Innovation has been one of the hallmarks of ELT in recent times, from task-based learning to English as an International language to computer mediated communication, and so on. An allied trend has been the development within the field of a ‘pro-innovation bias’ (Rogers 2003: 106–7), i.e., a belief that ‘the newer the better’, on the grounds that newer ideas are better than older ones. However, a growing body of literature (e.g., Markee 1997, Wedell 2009) has shown that many recent ELT innovations have frequently fallen short of the mark, both in terms of impact and the desirability of their consequences, and that a major cause of these problems has been a widespread failure to understand and utilize the lessons of innovation theory.
For example, extensive research has resulted in the identification of several major characteristics of innovations which predispose them towards success or failure (Rogers, 2003: 15-16). One of the main factors of this kind is the compatibility criterion, i.e., ‘the degree to which an innovation is perceived as being consistent with the existing values, past experiences and needs of potential adopters’ (Rogers 2003: 106). The higher the compatibility in these respects, the greater the possibility of success.
Within ELT, however, the main innovation dynamic has a built-in tendency to create significant INcompatibilities between most major innovations and their potential adopters. This is because most innovation work within ELT tends to occur and be aimed originally at (the ‘minority’)
‘BANA’ ELT setting (i.e., private language schools and other similar institutions, mostly located in native speaking parts of the world and operating outside the local education system), but ends up subsequently be exported wholesale to the very different (and ‘majority’) ‘TESEP’ type of setting (i.e., institutions that form part of the state educational system in non-native speaking locations). As Holliday (1994) points out, the two types of settings differ markedly in terms of physical characteristics (class size, etc.), overall goals of learning, educational philosophy, professional ‘culture’, and so on. As a result, many such innovations contain features which are significantly incompatible with the TESEP context. For example, with reference to task-based learning, Ellis (2009: 242) points out that:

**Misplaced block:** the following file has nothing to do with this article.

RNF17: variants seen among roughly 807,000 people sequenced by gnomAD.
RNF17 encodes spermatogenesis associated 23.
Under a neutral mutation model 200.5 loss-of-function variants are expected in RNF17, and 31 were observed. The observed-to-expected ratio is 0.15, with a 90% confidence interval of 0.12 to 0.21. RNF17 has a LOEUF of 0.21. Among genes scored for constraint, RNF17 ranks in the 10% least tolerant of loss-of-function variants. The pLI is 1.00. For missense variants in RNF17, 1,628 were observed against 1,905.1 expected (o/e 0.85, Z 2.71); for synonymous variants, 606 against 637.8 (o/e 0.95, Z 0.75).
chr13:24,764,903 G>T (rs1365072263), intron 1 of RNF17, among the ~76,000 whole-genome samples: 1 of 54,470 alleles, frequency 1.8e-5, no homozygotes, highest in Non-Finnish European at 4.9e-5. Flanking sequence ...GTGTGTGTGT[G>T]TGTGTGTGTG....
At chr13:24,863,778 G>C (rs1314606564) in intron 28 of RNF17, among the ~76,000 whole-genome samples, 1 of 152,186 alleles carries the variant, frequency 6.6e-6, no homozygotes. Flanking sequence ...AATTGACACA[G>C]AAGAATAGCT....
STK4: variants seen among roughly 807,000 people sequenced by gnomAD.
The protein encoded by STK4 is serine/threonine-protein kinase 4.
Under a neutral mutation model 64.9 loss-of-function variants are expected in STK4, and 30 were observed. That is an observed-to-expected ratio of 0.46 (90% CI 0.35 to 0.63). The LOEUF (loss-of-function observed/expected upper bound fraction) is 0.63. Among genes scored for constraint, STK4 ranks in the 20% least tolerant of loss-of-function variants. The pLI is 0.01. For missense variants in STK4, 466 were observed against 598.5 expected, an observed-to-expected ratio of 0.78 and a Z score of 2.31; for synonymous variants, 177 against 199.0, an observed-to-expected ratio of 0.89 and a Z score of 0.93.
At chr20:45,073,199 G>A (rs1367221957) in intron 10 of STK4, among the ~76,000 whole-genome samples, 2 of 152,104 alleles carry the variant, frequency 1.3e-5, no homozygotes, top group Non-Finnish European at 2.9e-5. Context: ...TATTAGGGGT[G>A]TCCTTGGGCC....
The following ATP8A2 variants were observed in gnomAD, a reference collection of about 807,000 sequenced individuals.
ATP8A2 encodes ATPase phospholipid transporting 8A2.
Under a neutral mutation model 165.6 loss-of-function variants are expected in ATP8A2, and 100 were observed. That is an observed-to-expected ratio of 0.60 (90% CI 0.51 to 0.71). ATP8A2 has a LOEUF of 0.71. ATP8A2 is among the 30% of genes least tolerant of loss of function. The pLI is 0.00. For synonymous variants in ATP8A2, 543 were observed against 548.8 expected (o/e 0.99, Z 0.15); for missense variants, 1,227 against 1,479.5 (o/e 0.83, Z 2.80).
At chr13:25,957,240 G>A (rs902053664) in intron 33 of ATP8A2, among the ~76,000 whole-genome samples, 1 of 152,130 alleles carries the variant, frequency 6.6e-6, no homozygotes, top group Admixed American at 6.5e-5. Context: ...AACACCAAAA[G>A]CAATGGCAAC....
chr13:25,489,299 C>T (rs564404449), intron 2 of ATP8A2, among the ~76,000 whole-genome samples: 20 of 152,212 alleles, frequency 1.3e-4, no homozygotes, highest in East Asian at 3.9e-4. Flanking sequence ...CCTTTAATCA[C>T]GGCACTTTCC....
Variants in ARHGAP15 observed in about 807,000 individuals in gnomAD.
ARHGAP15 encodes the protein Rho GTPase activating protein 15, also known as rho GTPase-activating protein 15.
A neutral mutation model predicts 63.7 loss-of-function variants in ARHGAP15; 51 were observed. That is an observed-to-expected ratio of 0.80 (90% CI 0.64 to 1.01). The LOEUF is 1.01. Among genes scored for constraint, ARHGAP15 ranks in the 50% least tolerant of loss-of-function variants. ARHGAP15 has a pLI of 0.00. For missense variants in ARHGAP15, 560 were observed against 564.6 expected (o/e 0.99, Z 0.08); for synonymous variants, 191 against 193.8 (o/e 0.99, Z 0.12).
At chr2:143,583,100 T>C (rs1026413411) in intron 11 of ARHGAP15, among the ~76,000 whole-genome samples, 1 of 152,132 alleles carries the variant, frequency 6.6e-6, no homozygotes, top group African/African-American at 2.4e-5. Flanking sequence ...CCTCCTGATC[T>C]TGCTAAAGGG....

Educational systems in many parts of the world place the emphasis on knowledge-learning rather than skill development, and a task-based approach to language teaching is not readily compatible with such a philosophy. A structural approach based on teaching discrete items of language accords more closely with such an educational philosophy.
The potential solution to this problem is for a much more bottom-up approach to ELT innovation to be adopted, whereby instead of one-way traffic from ‘on high’ flowing solely from BANA to TESEP settings, the attempt is made to artfully combine elements of existing practice prevalent in TESEP settings with new ideas, as in the case of so-called ‘task-supported learning’. In this approach, the task element, instead of being the central focus of pedagogy, as in task-based learning, becomes instead an adjunct to a main focus on ‘teaching discrete items of language’.
Such a ‘hybrid’ approach is strongly supported by another aspect of innovation theory, the ‘re-invention’ concept (Rogers 2003: 180-188). Rogers defines ‘re-invention’ as occurring when an innovation is ‘changed or modified by a user in the process of its adoption and implementation’ (ibid.: 180). As he also explains, there is evidence that ‘a higher degree of re-invention leads to a faster rate of adoption …[and] a higher degree of sustainability of an innovation’ (183). This occurs primarily because of the greater level of compatibility between the innovation and the local setting which the re-invention process creates. Thus, for innovation in ELT to be more successful, it needs to be properly grounded not just in the latest trends emanating from BANA-land, but, first and foremost, in the pedagogical realities and priorities of the TESEP setting.
Ellis, R. (2009). Task-based language teaching: sorting out the misunderstandings. International Journal of Applied Linguistics, 19(3), 221-246.
Holliday, A. (1994). Appropriate methodology and social context. Cambridge: Cambridge University Press.
Rogers, Everett M. (2003). Diffusion of innovations (5th ed.). New York: Free Press.
Markee, N. (1997). Managing curricular innovation. Cambridge: Cambridge University Press.
Waters, A. (2009). A guide to Methodologia: past, present, and future. ELT Journal, 63(2), 108-115. doi:10.1093/elt/ccn037
Wedell, Martin. (2009). Planning for educational change – putting people and their contexts first. London: Continuum.